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# Tutor profile: Zac W.

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Zac W.
Driven Remote Tutor - Accounting and Statistics
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## Questions

### Subject:Statistics

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Question:

Hi Zac, can you explain what correlation is and how it relates to regression?

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Zac W.

Correlation is the linear association between observations in a data set. Said differently, correlation tells you the strength of the relationship between points on the X and Y plane. The correlation coefficient, "r", is the measure that we use to quantify the strength of this relationship. The correlation coefficient can take on a range of values from -1 to 1. When "r" = 1, all the data would perfectly slope upward on a line. If "r" = -1, then all the data would perfectly slop downward on a line. If "r" = 0.7, then the data is a little scattered, but generally increases on the Y-axis as the X-axis increases. As "r" gets closer to +1 and -1, the relationship gets stronger, while "r" approaching 0 indicates that the association between points is weaker. Linear regression utilizes the correlation coefficient to make a line that is able to predict a given output. For instance, we can build a linear regression model that predicts the price of a home from the square footage of the home. This model constructs a line through all the data that "best fits" (I can explain that concept later) the data set. The correlation coefficient is used to calculate the slope coefficient (which is called "beta") of the line. The slope coefficient = "r" * (Sy/Sx). In simpler words, the slope coefficient is equal to the correlation coefficient multiplied by the standard deviation of the data on the Y-axis over the standard deviation of the data on the X-axis. To summarize, we look at the correlation coefficient to determine the strength of the linear association between points in a data set. With this strength, we can calculate the slope for the line that we will use to predict some "y" given some "x" (e.g. predicting the price of a home from the size of the home).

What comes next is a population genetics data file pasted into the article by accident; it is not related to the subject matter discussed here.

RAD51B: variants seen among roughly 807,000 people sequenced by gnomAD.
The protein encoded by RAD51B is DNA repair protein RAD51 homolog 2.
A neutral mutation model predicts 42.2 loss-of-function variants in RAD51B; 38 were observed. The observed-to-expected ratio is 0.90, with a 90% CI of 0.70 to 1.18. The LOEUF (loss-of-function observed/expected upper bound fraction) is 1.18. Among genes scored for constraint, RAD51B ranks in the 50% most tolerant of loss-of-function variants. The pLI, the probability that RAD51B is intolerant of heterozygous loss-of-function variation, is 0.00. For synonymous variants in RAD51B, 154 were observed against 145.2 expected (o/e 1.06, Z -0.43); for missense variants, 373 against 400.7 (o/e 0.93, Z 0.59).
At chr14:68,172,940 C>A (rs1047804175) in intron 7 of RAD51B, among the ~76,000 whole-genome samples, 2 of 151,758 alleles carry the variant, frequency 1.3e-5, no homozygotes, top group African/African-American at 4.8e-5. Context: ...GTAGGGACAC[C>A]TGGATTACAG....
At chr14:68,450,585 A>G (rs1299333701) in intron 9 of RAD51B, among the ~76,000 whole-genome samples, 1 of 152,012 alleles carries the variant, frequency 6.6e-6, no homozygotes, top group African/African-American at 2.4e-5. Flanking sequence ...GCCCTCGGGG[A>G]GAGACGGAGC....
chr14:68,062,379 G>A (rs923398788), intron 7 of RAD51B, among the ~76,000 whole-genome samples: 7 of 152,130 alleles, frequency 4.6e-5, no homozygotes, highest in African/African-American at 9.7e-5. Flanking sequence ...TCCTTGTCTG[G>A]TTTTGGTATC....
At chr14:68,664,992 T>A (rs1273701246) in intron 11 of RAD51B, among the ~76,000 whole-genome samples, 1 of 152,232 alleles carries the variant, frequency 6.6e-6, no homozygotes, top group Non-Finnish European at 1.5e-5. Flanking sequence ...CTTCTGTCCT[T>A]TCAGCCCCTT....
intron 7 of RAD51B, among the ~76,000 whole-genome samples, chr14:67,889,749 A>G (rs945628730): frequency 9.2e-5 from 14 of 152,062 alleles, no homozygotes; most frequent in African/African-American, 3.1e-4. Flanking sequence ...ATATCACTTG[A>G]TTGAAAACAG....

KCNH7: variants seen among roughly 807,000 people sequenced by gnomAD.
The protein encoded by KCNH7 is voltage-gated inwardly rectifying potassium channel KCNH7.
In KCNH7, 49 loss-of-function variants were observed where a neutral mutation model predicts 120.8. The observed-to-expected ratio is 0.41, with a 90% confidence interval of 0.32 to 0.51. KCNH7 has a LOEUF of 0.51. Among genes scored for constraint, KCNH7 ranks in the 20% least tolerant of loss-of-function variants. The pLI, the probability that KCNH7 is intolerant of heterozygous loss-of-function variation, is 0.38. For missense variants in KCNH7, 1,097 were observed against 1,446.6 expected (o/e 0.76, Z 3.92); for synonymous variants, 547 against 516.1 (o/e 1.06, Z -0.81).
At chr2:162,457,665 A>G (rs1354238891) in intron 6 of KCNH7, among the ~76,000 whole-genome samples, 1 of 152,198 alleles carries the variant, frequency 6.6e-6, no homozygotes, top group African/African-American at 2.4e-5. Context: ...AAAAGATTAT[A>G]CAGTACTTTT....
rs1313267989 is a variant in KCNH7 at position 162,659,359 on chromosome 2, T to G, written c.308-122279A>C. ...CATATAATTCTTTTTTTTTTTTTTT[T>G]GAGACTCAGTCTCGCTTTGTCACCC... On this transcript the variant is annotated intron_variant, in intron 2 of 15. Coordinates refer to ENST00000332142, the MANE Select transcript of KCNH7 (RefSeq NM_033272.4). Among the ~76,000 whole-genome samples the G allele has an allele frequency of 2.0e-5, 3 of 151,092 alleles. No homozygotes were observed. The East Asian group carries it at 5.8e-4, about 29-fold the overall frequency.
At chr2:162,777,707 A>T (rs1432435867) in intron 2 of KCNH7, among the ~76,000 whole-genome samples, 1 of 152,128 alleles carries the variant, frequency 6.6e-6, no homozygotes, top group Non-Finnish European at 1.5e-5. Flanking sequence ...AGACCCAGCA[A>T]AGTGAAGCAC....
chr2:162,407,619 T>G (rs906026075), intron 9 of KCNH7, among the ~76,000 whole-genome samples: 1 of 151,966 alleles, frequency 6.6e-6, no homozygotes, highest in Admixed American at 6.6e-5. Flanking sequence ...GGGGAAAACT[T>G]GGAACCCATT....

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Question:

Hi Zac, in my stats class this week we learned about different distributions. Can you explain the difference between the normal distribution and skewed distributions?

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Zac W.

The normal distribution has a bell shaped curve. In the middle of this curve, both the median and mean are at the exact center. Keep in mind, the median is the 50th percentile, which is the exact middle observation in a data set, while the mean is the average of the total data set. For skewed distributions, the median and mean are no longer equal to each other. This happens because the data is somehow skewed. When data is skewed, the mean is pulled in the direction of any outliers. If a distribution is skewed to the right, there are data points that are significantly higher than the rest of the observations in the population, which pulls the mean higher than the median. The opposite is true for a distribution that is skewed to the left. Visually speaking, the side of the curve that is much thinner and pulled away from the majority of the data is the side that is skewed. So, if the bulk of the curve is on the right, and there is a thin tail off to the left, the distribution is skewed to the left, because this indicates that there are data points to the left that skews the average and pulls it below the median.

### Subject:Accounting

TutorMe
Question:

Hi Zac, in my accounting class this week, we learned about the Income Statement and Balance Sheet. Can you explain to me the differences between the two and their relationship?

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Zac W.

The Income Statement provides information about a company's financial performance during a certain period (typically annually or quarterly). A company records Revenues and Expenses during this time period to calculate either Net Income or a Net Loss. The Balance Sheet provides a snashot of a company's Assets, Liabilities, and Equity balances as of a certain date (typically year or quarter-end). This differs from the Income Statement in that the Balance Sheet has account balances at a point in time while the Income Statement records earnings over a time period. The key relationship between the Income Statement and Balance Sheet is that Net Income (Income Statement account) is closed out to Retained Earnings (Balance Sheet Account). Indeed, Net Income serves to connect a company's performance during one period to the cumulative earnings over multiple periods.

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